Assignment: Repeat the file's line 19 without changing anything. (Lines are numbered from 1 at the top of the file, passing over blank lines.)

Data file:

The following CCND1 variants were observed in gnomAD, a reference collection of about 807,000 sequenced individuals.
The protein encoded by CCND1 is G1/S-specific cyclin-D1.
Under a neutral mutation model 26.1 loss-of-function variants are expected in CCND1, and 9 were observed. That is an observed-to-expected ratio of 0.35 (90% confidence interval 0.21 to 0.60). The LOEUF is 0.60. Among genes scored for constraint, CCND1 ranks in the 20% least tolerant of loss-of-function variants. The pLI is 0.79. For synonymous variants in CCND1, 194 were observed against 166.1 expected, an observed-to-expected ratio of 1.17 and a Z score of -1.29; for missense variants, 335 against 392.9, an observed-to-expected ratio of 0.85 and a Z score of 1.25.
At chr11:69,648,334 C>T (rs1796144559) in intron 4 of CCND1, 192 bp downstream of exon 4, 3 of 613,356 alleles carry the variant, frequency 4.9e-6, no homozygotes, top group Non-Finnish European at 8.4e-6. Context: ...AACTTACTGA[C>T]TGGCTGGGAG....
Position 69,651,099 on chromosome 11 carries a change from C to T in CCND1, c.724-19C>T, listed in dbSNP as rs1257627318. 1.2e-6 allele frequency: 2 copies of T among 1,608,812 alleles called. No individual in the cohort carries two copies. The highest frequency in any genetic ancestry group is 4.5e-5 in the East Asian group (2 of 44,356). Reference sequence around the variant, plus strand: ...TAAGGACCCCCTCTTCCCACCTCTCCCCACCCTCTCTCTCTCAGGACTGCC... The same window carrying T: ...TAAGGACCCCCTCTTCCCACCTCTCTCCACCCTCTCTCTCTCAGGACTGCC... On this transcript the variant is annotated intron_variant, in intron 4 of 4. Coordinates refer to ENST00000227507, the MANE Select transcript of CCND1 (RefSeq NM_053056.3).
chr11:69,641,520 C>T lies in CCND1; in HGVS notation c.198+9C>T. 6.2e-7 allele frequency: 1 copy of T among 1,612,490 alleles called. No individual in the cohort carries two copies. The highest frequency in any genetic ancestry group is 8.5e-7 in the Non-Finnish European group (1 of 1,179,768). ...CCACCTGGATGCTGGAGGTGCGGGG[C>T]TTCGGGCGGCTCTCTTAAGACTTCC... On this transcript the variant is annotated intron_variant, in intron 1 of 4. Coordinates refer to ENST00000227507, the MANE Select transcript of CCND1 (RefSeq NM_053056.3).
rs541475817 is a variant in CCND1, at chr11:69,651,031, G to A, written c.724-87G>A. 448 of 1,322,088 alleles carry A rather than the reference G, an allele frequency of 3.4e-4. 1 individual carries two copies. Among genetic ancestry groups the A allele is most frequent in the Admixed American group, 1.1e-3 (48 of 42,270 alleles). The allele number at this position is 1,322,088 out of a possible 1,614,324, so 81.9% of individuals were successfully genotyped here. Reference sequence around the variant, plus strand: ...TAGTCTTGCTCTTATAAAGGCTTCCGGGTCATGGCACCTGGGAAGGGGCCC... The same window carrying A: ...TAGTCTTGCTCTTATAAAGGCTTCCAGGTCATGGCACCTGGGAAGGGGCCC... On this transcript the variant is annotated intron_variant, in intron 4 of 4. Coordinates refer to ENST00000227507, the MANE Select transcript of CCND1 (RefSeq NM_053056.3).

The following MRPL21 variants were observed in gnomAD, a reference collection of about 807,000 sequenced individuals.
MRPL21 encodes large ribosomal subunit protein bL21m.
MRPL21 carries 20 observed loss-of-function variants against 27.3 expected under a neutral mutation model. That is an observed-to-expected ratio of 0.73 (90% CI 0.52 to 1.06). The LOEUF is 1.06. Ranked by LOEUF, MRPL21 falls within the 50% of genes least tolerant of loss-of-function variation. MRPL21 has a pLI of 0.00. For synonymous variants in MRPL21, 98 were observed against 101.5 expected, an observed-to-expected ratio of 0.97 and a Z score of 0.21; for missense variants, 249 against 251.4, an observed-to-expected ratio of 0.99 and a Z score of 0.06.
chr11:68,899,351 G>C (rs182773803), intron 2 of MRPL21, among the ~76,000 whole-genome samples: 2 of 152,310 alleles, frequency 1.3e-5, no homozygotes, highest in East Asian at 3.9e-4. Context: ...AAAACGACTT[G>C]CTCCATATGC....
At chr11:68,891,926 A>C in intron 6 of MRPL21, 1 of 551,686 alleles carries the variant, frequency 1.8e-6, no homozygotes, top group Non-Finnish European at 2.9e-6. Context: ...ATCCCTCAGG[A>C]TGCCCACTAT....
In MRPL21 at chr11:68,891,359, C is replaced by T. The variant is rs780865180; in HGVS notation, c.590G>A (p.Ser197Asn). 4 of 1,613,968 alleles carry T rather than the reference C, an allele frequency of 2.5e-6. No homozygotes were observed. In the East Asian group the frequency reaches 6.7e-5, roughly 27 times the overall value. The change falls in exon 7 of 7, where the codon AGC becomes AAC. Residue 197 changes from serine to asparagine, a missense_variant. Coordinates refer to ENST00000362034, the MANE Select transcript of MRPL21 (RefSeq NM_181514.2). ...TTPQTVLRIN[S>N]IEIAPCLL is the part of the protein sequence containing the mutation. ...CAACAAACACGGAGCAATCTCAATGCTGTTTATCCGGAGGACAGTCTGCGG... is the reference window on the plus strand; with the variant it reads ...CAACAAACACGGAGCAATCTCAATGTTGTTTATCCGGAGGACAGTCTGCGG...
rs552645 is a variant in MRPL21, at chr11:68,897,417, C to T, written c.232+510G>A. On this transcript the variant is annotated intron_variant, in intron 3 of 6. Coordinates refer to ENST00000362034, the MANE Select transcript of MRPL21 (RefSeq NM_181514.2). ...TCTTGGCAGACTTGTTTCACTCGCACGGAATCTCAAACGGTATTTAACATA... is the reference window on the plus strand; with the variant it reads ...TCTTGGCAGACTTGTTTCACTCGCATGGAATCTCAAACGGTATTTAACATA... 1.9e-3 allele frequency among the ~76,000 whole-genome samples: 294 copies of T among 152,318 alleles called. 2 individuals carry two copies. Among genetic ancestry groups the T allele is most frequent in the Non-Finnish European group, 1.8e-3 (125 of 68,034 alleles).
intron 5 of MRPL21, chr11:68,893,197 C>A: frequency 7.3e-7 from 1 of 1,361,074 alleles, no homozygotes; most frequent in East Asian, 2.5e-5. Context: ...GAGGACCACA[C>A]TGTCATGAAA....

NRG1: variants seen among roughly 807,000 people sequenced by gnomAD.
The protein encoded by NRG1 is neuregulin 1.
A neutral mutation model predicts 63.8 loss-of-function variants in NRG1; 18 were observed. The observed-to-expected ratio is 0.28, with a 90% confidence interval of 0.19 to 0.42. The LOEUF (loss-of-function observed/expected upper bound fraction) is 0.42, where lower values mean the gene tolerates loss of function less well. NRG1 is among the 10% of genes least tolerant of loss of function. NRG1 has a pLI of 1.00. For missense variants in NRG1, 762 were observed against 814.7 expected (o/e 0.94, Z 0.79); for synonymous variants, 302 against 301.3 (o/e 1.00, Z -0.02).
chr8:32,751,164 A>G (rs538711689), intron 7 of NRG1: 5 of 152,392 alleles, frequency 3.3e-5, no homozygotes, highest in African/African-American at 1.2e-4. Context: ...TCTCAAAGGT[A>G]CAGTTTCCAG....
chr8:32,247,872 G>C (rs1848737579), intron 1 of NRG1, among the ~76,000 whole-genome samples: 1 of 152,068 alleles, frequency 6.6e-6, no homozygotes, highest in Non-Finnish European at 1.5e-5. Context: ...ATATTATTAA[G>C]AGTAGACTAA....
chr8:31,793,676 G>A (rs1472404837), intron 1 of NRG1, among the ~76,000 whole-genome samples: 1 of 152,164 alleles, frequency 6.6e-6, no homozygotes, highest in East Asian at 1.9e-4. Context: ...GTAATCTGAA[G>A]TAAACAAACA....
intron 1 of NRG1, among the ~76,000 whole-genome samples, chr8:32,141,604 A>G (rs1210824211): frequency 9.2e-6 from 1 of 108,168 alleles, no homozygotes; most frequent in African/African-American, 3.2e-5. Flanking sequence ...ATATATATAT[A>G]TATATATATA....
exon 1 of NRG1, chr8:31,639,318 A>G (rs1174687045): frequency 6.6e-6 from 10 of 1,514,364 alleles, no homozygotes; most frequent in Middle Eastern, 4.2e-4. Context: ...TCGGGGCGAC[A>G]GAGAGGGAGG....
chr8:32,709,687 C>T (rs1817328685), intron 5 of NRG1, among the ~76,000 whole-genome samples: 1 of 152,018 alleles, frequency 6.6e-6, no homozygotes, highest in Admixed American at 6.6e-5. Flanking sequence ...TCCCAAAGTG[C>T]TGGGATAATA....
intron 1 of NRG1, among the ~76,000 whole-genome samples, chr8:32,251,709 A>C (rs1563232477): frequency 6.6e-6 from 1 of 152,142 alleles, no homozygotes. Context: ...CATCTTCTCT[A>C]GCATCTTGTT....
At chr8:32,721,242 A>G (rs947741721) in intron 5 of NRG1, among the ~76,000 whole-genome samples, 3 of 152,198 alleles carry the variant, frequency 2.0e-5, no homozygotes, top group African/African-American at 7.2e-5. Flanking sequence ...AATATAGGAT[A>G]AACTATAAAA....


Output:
chr8:32,751,164 A>G (rs538711689), intron 7 of NRG1: 5 of 152,392 alleles, frequency 3.3e-5, no homozygotes, highest in African/African-American at 1.2e-4. Context: ...TCTCAAAGGT[A>G]CAGTTTCCAG....